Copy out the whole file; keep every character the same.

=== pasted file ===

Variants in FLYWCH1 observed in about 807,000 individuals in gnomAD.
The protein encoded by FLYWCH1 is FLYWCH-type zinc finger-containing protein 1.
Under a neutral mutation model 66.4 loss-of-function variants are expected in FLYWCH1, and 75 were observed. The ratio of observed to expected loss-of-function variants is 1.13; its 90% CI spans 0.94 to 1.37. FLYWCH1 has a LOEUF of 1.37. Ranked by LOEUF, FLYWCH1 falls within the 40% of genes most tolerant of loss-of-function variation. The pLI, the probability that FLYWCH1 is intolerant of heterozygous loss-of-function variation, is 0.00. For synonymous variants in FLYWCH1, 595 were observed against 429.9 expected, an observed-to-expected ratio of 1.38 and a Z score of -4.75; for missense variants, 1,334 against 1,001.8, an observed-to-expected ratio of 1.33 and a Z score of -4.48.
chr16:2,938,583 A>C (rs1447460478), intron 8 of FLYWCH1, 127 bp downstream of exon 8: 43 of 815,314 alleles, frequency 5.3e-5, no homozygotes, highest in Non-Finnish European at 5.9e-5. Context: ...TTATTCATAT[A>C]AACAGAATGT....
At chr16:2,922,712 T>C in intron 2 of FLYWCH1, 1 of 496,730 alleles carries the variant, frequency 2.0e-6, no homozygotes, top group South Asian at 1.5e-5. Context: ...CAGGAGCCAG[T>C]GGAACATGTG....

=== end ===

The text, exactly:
Variants in FLYWCH1 observed in about 807,000 individuals in gnomAD.
The protein encoded by FLYWCH1 is FLYWCH-type zinc finger-containing protein 1.
Under a neutral mutation model 66.4 loss-of-function variants are expected in FLYWCH1, and 75 were observed. The ratio of observed to expected loss-of-function variants is 1.13; its 90% CI spans 0.94 to 1.37. FLYWCH1 has a LOEUF of 1.37. Ranked by LOEUF, FLYWCH1 falls within the 40% of genes most tolerant of loss-of-function variation. The pLI, the probability that FLYWCH1 is intolerant of heterozygous loss-of-function variation, is 0.00. For synonymous variants in FLYWCH1, 595 were observed against 429.9 expected, an observed-to-expected ratio of 1.38 and a Z score of -4.75; for missense variants, 1,334 against 1,001.8, an observed-to-expected ratio of 1.33 and a Z score of -4.48.
chr16:2,938,583 A>C (rs1447460478), intron 8 of FLYWCH1, 127 bp downstream of exon 8: 43 of 815,314 alleles, frequency 5.3e-5, no homozygotes, highest in Non-Finnish European at 5.9e-5. Context: ...TTATTCATAT[A>C]AACAGAATGT....
At chr16:2,922,712 T>C in intron 2 of FLYWCH1, 1 of 496,730 alleles carries the variant, frequency 2.0e-6, no homozygotes, top group South Asian at 1.5e-5. Context: ...CAGGAGCCAG[T>C]GGAACATGTG....